December 22, 2017 / 6:54 PM / in 6 months

Two ex-South American soccer officials convicted in FIFA bribery case

(Reuters) - A New York jury on Friday found two former South American soccer officials guilty of taking bribes in exchange for the award of valuable marketing and media rights to international matches, the first trial verdicts in a U.S. probe of world soccer’s governing body FIFA.

Juan Angel Napout of Paraguay, former head of South American governing body CONMEBOL, and former Brazilian soccer chief Jose Maria Marin were convicted of corruption charges brought by U.S. prosecutors in 2015.

Marin was found guilty of six counts, including racketeering conspiracy, wire fraud and money laundering conspiracy. The jury cleared him on another count of money laundering conspiracy.

Napout was found guilty on three counts, including racketeering conspiracy and wire fraud conspiracy. He was cleared on two counts of money laundering conspiracy.

The jury did not reach a verdict in the case against Manuel Burga, former president of the Peruvian soccer federation, and the judge said the jury should return on Tuesday to deliberate.

The three men were the first to stand trial on charges brought by U.S. prosecutors in 2015 as part of investigations that shook up FIFA.

“We are obviously disappointed but will continue to seek justice for our client,” Marin’s lawyer, Charles Stillman, said in an email.

Silvia Pinera-Vazquez, a lawyer for Napout, declined to comment except to express disappointment with the verdict. Burga’s lawyer declined to comment.

In a statement FIFA said it was a victim of the alleged wrongdoing and “will now take all necessary steps to seek restitution and recover all losses.”

Former head of the Paraguayan Football Association Juan Angel Napout, (C), defendant in the FIFA corruption trial, arrives at United States Federal Court in Brooklyn, New York, U.S., December 22, 2017. REUTERS/Stephen Yang

Prosecutors have charged 42 people and entities in the case, at least 24 of whom have pleaded guilty. Several of those testified for prosecutors in the trial, telling of corruption that went far beyond the three defendants in the courtroom.

Alejandro Burzaco, the former head of Argentine sports marketing company Torneos y Competencias, told jurors that he paid bribes to all three defendants to secure rights to matches including the Copa America and Copa Libertadores. Burzaco had pleaded guilty and agreed to cooperate with prosecutors.

Burzaco also said that Fox Sports, Mexico’s Grupo Televisa and Brazil’s Globo paid bribes for media rights to games. Fox and Globo have denied these allegations. Televisa declined to comment immediately after Burzaco’s testimony.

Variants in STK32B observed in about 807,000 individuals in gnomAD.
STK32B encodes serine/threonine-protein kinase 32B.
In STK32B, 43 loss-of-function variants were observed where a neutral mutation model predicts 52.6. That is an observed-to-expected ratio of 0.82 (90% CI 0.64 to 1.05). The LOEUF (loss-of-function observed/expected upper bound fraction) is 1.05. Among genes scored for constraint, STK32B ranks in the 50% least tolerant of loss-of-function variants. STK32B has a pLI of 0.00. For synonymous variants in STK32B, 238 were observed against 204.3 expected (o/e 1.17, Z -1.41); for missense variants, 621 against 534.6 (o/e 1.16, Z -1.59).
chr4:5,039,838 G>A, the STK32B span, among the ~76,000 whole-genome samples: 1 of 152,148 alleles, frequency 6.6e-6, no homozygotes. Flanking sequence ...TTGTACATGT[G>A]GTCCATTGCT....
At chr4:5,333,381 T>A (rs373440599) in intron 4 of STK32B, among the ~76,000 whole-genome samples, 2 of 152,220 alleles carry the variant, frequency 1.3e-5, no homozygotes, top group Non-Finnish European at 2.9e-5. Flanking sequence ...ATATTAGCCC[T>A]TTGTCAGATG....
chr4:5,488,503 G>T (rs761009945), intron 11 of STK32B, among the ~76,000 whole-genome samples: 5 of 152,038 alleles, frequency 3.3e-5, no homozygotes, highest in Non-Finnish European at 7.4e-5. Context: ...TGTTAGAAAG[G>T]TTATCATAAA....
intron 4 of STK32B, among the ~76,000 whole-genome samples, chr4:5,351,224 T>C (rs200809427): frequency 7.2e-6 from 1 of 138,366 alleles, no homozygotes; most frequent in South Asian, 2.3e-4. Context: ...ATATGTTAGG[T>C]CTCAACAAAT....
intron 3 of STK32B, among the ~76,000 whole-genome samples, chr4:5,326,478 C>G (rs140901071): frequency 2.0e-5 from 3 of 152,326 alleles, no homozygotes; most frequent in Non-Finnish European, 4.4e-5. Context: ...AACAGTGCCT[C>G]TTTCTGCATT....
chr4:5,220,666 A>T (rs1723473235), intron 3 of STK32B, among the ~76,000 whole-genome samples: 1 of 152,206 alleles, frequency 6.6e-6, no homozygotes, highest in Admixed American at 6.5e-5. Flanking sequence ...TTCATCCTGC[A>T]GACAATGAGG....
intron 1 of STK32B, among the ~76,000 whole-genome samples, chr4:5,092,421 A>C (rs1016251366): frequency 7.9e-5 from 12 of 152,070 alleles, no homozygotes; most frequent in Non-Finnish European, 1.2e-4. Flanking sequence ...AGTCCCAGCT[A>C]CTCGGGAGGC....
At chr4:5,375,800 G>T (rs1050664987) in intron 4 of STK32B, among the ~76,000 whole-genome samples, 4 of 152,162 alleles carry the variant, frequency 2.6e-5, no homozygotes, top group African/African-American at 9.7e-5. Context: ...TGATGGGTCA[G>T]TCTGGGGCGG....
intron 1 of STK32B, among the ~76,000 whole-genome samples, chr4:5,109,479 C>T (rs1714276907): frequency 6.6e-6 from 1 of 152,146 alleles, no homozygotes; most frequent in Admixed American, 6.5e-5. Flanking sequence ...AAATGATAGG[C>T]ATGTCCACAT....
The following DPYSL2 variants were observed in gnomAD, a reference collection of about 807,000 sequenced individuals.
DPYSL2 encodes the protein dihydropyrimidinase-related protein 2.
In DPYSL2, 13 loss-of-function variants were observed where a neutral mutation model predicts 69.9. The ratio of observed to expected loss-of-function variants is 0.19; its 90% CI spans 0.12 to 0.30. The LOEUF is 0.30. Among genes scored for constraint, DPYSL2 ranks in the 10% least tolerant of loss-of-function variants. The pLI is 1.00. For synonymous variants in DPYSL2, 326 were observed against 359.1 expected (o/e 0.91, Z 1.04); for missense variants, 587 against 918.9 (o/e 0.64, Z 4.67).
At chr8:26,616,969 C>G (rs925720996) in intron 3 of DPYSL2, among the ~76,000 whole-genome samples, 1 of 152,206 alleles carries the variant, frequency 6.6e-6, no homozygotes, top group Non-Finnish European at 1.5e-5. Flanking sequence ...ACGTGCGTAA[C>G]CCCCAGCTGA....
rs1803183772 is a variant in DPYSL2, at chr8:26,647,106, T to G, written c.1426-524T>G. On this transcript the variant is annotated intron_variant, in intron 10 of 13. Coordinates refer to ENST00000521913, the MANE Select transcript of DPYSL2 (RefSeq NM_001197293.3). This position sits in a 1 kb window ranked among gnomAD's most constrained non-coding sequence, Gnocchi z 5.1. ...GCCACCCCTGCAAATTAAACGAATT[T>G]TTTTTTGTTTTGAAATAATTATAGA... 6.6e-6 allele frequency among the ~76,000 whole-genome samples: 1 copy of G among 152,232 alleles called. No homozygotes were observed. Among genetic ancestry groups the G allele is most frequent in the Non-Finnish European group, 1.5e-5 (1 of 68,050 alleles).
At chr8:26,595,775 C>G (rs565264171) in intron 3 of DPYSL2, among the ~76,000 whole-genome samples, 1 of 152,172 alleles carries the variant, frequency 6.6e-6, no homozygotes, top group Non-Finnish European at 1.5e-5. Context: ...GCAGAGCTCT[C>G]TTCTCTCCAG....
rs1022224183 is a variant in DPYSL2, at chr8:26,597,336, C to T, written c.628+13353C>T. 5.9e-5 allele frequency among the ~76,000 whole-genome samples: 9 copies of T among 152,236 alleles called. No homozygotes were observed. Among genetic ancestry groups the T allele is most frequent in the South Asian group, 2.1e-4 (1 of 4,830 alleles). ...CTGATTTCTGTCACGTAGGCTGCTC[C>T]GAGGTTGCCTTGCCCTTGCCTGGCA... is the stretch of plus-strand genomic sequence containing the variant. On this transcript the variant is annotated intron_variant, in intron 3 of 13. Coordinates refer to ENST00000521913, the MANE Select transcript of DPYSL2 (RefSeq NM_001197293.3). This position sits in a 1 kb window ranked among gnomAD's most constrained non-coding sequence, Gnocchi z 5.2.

Burzaco also said that Qatar bribed officials of soccer’s world governing body FIFA to host the 2022 World Cup. Hassan al-Thawadi, secretary of Qatar’s Supreme Committee for Delivery & Legacy, which is organizing the 2022 World Cup, has denied the allegations.

“It is all hearsay and there is no evidence,” al-Thawadi said at a public event in November after Burzaco’s testimony, according to a representative of the committee. “We are confident in the integrity of our bid.”

Santiago Pena, a former financial manager at Argentine sports marketing firm Full Play, walked the jury through a spreadsheet detailing what he said were payments to eight CONMEBOL officials, including Napout and Burga.

The trial was marred by tragedy in its first week, when Argentine police said that Jorge Delhon, a former lawyer for the country’s Futbol Para Todos (Soccer for All), program had committed suicide after Burzaco named him in his testimony.

Slideshow (6 Images)

The next day, U.S. District Judge Pamela Chen put Burga under house arrest after prosecutors said he threatened Burzaco by making a slicing motion across his throat. She cast doubt on the cause of Delhon’s death, saying, “You can call it a suicide. The truth is none of us know that for sure.”

Burga’s lawyer, Bruce Udolf, denied that his client threatened Burzaco.

Reporting by Jan Wolfe; additional reporting by Anthony Lin and Brendan Pierson; editing by Noeleen Walder and Leslie Adler

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